The Making of our Intimacies: Elisa Shua Dusapin & Katie Kitamura

On Saturday, May 4, at 3pm, join the 2021 laureate of the National Book Award for Translated Literature Elisa Shua Dusapin, and internationally acclaimed author Katie Kitamura, as they discuss Dusapin’s latest novel, Vladivostok Circus, translated from the French by Aneesa Abbas Higgins, and published in the US by Open Letter (May 14, 2024).

As indicated by its title, Vladivistock Circus takes place in a circus and tells the intimate and beguiling story of four people –three performers and a costume designer– as they learn how to work with, and trust one another. Vladivistock Circus pictures the delicate balance that must be achieved when flirting with death in such spectacular fashion, set against the backdrop of a cloudy ocean and immersing the reader into Dusapin’s trademark dreamlike prose.

Elisa Shua Dusapin and Katie Kitamura share a similar fascination for intimacy, for the immateriality of a couple or a group dynamic, the pliability and mutability of language. How does the mysterious balance of trust, delusion, naivety actually work? how does it translate into form, words? Esthetic? Here are some of the questions that these wonderfully accomplished authors will delve into.

The conversation will be held in English and will be followed by a Q&A and a book signing. This event is free with RSVP. Click here for tickets.

Elisa Shua Dusapin was born in France in 1992 and raised in Paris, Seoul, and Switzerland. Winter in Sokcho is her first novel. Published in 2016 to wide acclaim, it was awarded the Prix Robert Walser and the Prix Régine Desforges and has been translated into six languages. In 2021, Aneesa Abbas Higgins’s English translation of Winter in Sokcho won the National Book Award for Translated Literature. After being staged multiple times, the book is currently being adapted for the screen by director Koya Kamura, with Roschdy Zem in the lead role. Winter in Sokcho was followed by Les Billes du Pachinko (Zoé, 2018, Folio 2020), which won the Swiss Literature Prize and the Alpes-Jura Prize, and Vladivostok Circus (Zoé, 2020, Folio 2022), shortlisted for the Prix Femina. Her three novels have been translated into over 35 languages.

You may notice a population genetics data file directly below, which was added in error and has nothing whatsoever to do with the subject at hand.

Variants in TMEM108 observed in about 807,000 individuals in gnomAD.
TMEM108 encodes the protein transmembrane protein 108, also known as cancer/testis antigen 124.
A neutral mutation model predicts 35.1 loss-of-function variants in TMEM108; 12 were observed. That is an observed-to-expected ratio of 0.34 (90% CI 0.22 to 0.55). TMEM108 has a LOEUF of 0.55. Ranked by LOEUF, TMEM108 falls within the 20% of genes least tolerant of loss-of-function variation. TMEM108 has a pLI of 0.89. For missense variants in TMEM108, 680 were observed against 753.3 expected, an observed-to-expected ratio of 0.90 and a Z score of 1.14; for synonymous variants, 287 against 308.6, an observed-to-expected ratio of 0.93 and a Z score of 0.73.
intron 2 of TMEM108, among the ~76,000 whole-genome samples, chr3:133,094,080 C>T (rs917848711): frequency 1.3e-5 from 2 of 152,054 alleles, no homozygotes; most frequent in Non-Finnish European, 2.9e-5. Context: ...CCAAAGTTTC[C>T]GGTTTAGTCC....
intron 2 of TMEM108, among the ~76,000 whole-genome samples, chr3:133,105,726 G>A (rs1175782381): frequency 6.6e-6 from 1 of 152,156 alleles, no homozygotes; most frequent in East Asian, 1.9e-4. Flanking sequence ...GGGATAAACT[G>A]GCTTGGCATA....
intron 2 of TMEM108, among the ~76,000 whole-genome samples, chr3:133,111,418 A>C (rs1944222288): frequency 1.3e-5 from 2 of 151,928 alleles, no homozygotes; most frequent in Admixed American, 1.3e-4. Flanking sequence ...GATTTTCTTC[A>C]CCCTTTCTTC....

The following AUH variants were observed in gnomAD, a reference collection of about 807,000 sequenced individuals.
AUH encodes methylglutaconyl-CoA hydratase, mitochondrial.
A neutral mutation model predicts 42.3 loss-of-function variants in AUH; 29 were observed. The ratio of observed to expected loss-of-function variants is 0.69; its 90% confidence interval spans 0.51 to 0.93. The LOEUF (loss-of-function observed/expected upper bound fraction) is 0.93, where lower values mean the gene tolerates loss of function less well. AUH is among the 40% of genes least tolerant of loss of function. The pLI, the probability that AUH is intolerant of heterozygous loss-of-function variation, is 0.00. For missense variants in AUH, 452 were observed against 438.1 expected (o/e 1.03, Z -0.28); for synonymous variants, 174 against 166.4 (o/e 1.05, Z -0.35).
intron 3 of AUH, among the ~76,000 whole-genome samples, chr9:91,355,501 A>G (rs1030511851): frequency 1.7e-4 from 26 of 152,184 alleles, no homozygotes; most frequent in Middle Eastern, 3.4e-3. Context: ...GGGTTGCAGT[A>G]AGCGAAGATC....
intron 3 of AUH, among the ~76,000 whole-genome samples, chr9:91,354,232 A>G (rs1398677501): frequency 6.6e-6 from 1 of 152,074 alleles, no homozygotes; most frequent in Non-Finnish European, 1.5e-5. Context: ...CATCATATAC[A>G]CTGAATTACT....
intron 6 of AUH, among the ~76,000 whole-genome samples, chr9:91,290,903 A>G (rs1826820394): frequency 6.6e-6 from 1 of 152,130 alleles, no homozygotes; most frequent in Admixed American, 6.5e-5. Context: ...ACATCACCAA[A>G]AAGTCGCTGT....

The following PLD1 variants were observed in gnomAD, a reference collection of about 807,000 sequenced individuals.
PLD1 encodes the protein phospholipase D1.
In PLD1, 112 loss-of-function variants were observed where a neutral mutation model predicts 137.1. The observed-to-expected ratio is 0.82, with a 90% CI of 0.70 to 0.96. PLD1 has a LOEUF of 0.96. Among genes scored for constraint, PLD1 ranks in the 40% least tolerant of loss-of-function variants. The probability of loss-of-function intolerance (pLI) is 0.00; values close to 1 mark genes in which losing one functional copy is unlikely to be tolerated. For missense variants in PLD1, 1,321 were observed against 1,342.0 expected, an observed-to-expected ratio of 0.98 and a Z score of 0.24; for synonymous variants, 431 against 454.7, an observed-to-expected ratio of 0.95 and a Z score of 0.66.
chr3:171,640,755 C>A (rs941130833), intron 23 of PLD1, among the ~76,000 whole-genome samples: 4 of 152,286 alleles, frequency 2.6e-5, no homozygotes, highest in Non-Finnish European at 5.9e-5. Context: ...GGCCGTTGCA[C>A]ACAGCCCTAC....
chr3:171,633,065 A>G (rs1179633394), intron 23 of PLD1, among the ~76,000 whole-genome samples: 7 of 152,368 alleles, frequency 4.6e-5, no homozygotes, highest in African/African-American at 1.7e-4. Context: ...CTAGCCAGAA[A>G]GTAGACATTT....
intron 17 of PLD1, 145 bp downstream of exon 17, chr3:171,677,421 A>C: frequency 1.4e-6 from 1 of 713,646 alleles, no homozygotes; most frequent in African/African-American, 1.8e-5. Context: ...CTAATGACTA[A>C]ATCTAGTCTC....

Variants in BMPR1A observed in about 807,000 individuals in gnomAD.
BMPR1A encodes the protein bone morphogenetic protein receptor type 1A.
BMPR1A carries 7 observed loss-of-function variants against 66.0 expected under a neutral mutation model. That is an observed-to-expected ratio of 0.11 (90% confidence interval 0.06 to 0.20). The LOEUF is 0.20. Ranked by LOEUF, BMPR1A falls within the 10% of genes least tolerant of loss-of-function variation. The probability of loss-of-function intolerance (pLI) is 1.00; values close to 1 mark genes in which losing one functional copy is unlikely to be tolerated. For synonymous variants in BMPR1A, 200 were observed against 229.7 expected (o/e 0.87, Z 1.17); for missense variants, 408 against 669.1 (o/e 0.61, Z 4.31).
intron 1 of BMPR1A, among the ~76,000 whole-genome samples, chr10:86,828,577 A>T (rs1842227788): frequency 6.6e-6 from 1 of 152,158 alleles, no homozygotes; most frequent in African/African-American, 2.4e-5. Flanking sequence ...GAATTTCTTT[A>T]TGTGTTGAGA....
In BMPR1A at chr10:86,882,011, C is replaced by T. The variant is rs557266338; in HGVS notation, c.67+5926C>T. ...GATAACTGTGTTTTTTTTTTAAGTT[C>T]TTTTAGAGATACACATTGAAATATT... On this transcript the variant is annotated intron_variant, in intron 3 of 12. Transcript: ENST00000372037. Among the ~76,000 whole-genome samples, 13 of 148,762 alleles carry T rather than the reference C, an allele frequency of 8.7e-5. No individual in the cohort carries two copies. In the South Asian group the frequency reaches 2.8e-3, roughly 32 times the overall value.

Katie Kitamura’s work has been translated into 21 languages and is being adapted for film and television. She is a recipient of the Rome Prize in Literature, as well as fellowships from the Lannan, Santa Maddalena, and Jan Michalski foundations. Katie has written for publications including The New York Times Book Review, The Guardian, Granta, BOMB, Triple Canopy, and Frieze. She teaches in the creative writing program at New York University.
Her most recent novel is Intimacies. One of The New York Times’ 10 Best Books of 2021, it was longlisted for the National Book Award and the PEN/Faulkner Award, and was a finalist for the Joyce Carol Oates Prize. It was also one of Barack Obama’s favorite books of 2021. In France, it won the Prix Littéraire Lucien Barrière, was a finalist for the Grand Prix de l’Héroine, and was longlisted for the Prix Fragonard. Her third novel, A Separation, was a finalist for the Premio von Rezzori and a New York Times Notable Book. She is also the author of Gone To The Forest and The Longshot, both finalists for the New York Public Library’s Young Lions Fiction Award.